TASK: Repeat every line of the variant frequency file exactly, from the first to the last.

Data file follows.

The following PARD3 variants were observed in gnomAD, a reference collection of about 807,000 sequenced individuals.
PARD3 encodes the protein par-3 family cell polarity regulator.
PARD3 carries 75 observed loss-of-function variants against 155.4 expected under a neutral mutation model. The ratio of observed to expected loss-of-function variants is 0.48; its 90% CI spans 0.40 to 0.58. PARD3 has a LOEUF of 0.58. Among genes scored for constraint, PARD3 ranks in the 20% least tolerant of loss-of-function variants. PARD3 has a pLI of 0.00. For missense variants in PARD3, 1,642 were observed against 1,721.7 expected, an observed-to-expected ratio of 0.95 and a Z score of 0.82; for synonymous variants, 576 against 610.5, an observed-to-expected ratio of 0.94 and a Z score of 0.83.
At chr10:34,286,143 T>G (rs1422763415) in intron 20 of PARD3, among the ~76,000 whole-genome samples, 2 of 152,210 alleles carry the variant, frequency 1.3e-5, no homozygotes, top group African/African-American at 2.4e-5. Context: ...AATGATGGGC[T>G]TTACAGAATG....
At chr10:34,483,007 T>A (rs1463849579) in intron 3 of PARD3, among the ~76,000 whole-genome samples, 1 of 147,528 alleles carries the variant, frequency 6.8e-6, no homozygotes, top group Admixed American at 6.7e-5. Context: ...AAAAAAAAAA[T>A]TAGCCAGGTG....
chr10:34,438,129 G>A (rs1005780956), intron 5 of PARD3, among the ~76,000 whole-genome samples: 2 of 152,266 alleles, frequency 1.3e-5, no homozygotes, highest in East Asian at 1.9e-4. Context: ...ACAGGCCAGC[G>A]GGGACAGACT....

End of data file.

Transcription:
The following PARD3 variants were observed in gnomAD, a reference collection of about 807,000 sequenced individuals.
PARD3 encodes the protein par-3 family cell polarity regulator.
PARD3 carries 75 observed loss-of-function variants against 155.4 expected under a neutral mutation model. The ratio of observed to expected loss-of-function variants is 0.48; its 90% CI spans 0.40 to 0.58. PARD3 has a LOEUF of 0.58. Among genes scored for constraint, PARD3 ranks in the 20% least tolerant of loss-of-function variants. PARD3 has a pLI of 0.00. For missense variants in PARD3, 1,642 were observed against 1,721.7 expected, an observed-to-expected ratio of 0.95 and a Z score of 0.82; for synonymous variants, 576 against 610.5, an observed-to-expected ratio of 0.94 and a Z score of 0.83.
At chr10:34,286,143 T>G (rs1422763415) in intron 20 of PARD3, among the ~76,000 whole-genome samples, 2 of 152,210 alleles carry the variant, frequency 1.3e-5, no homozygotes, top group African/African-American at 2.4e-5. Context: ...AATGATGGGC[T>G]TTACAGAATG....
At chr10:34,483,007 T>A (rs1463849579) in intron 3 of PARD3, among the ~76,000 whole-genome samples, 1 of 147,528 alleles carries the variant, frequency 6.8e-6, no homozygotes, top group Admixed American at 6.7e-5. Context: ...AAAAAAAAAA[T>A]TAGCCAGGTG....
chr10:34,438,129 G>A (rs1005780956), intron 5 of PARD3, among the ~76,000 whole-genome samples: 2 of 152,266 alleles, frequency 1.3e-5, no homozygotes, highest in East Asian at 1.9e-4. Context: ...ACAGGCCAGC[G>A]GGGACAGACT....